t
H
t
t
t
H
t
j
i
j
i
,
ˆ
1
,
ˆ
1
2
2
r
r









Problem:

H
ˆ
must be evaluated at the mid point

2
t
t


But we know the density only for
times




use “predictor
-
corrector scheme”

t

Numerical time propagation

21

1

2

3

Prepare the initial state, usually the ground state, by

a static DFT calculation. This gives the initial orbitals:

)
0
,
(
)
0
(
r
j

Solve TDKS equations selfconsistently, using an approximate

time
-
dependent xc potential which matches the static one used

in step 1. This gives the TDKS orbitals:

)
,
(
)
,
(
t
n
t
j
r


r


Calculate the relevant observable(s) as a functional of

)
,
(
t
n
r
Summary of TDKS scheme: 3 steps

22

Observables: the time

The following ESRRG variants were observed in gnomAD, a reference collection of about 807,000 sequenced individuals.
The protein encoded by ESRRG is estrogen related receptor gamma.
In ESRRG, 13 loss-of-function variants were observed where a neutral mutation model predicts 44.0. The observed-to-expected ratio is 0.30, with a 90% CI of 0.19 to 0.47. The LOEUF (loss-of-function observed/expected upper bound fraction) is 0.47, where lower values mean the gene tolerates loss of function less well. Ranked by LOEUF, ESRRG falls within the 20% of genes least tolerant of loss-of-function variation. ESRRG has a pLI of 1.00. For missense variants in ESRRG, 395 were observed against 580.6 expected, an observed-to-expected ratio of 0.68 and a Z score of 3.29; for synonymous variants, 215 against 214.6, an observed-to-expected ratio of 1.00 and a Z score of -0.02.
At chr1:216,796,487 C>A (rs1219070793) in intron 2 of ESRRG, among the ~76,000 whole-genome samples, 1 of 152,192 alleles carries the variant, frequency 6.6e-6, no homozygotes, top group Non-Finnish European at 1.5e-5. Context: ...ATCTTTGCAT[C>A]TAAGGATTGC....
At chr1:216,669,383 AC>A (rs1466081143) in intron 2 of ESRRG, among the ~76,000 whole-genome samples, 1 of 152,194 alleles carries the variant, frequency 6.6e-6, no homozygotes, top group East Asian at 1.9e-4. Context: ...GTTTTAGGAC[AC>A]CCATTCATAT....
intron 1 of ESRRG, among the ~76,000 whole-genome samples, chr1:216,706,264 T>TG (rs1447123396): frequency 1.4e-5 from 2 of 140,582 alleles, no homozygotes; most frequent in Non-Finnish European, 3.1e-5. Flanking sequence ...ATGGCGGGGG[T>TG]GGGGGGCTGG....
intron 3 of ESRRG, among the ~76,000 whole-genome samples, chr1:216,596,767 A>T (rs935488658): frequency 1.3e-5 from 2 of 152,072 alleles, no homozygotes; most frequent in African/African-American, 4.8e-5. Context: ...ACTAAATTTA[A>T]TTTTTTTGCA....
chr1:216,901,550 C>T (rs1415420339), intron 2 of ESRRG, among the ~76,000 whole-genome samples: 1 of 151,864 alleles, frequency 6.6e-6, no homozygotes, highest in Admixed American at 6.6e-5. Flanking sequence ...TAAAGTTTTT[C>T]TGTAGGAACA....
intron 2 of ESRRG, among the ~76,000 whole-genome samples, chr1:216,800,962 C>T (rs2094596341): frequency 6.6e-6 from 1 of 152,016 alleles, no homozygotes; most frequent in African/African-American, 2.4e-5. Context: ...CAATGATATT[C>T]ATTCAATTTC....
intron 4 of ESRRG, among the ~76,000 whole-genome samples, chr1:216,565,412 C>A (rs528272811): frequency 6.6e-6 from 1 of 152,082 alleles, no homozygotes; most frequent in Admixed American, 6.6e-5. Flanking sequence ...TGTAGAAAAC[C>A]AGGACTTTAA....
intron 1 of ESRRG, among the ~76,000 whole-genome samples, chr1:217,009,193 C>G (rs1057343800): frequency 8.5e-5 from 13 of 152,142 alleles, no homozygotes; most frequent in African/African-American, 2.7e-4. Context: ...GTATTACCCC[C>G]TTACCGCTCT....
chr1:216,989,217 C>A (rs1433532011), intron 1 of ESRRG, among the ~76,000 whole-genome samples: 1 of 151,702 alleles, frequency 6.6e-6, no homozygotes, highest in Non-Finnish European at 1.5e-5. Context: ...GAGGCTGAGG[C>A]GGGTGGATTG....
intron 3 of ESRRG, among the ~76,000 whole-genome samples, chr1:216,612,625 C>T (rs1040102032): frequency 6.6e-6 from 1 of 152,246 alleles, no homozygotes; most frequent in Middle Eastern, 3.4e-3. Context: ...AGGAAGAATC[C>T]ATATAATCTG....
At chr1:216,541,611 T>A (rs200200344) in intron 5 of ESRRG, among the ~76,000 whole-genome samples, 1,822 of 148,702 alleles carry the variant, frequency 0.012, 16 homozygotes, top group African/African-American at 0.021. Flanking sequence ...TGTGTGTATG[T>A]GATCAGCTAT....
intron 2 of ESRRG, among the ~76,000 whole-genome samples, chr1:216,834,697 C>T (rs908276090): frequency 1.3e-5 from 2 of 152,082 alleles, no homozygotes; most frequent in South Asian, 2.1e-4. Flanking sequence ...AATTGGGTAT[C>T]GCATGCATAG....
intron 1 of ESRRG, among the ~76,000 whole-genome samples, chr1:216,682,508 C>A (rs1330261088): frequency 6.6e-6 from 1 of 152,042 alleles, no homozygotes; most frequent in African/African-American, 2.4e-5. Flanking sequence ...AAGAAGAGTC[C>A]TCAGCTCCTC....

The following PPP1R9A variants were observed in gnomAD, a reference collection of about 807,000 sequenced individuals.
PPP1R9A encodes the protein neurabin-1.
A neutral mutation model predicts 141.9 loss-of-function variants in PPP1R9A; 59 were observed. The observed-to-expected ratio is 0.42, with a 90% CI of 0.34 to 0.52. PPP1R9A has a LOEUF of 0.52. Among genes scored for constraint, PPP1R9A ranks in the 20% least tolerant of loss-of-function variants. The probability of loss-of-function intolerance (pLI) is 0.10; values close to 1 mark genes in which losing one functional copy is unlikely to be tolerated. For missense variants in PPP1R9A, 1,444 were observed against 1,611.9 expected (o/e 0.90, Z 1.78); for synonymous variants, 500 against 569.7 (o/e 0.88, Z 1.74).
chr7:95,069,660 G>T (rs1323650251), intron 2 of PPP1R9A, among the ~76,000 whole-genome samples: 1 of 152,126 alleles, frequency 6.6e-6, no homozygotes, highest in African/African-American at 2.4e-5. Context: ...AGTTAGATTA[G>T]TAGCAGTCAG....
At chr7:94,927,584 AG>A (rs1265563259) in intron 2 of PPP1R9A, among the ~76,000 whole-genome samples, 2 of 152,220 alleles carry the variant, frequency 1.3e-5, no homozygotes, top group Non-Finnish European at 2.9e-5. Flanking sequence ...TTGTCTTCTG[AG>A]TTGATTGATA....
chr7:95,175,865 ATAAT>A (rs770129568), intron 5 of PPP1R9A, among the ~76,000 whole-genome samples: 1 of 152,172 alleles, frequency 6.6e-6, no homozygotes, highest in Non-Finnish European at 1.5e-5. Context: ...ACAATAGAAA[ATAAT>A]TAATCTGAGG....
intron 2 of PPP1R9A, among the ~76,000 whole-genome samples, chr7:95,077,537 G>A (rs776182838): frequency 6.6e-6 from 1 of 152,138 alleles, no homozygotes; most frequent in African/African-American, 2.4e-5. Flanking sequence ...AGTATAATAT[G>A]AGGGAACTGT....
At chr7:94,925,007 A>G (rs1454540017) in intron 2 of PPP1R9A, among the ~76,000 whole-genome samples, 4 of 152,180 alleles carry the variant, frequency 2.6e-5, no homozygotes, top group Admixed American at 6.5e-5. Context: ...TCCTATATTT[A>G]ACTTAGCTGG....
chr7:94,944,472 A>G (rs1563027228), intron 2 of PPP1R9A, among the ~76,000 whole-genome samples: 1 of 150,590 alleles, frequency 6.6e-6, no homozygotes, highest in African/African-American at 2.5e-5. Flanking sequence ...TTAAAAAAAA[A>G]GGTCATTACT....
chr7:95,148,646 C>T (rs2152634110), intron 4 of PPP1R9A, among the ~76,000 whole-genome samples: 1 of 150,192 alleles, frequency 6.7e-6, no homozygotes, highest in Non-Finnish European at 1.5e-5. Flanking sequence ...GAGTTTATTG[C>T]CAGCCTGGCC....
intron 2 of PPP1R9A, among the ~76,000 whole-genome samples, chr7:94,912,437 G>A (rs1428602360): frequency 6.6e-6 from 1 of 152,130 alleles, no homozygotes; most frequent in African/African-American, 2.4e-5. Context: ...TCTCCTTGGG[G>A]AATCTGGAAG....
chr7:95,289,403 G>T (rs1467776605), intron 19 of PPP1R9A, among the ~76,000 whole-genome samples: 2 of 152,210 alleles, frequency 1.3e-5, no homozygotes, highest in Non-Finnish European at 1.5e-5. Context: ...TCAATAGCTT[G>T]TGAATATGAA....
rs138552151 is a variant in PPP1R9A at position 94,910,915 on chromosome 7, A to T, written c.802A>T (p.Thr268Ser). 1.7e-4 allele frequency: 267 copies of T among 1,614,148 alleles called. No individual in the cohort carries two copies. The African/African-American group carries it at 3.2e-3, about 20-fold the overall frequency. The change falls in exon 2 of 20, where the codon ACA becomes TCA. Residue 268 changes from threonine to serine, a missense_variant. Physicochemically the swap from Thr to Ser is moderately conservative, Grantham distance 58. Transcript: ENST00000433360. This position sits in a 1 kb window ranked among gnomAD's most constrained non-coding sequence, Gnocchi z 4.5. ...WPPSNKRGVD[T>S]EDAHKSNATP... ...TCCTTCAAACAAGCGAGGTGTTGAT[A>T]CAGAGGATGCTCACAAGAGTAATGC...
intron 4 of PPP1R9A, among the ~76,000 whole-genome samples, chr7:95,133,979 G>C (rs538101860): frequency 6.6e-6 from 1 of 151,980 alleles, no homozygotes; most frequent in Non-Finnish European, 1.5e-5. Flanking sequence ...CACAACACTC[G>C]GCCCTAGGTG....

-
dependent density

The simplest observable is the time
-
dependent density itself:

)
,
(
t
n
r
Electron density map of the myoglobin

molecules, obtained using time
-
resolved

X
-
ray scattering. A short
-
lived CO group

appears during the photolysis process.

Schotte

et al., Science
300
, 1944 (2003)

23

Observables: the particle number

Unitary time propagation:



space
all
N
t
n
r
d
)
,
(
3
r
During an ionization

process, charge

moves away from

the system.


Numerically, we can

describe this on a

finite grid with an

absorbing boundary.

The number of bound/escaped particles at time t is approximately given by

bound
esc
volume
analyzing
bound
N
N
N
t
n
r
d
N




,
)
,
(
3
r
24

Observables: moments of the density

dipole moment:

z
y
x
t
n
r
r
d
t
d
,
,
,
)
,
(
)
(
3






r
sometimes one wants higher moments, e.g.
quadrupole

moment:




)
,
(
)
3
(
)
(
2
3
t
n
r
r
r
r
d
t
q
r





One can calculate the Fourier transform of the dipole moment:





f
i
t
t
t
i
f
i
dt
e
t
d
t
t
d




)
(
1
)
(
Dipole power spectrum:




3
1
2
)
(
)
(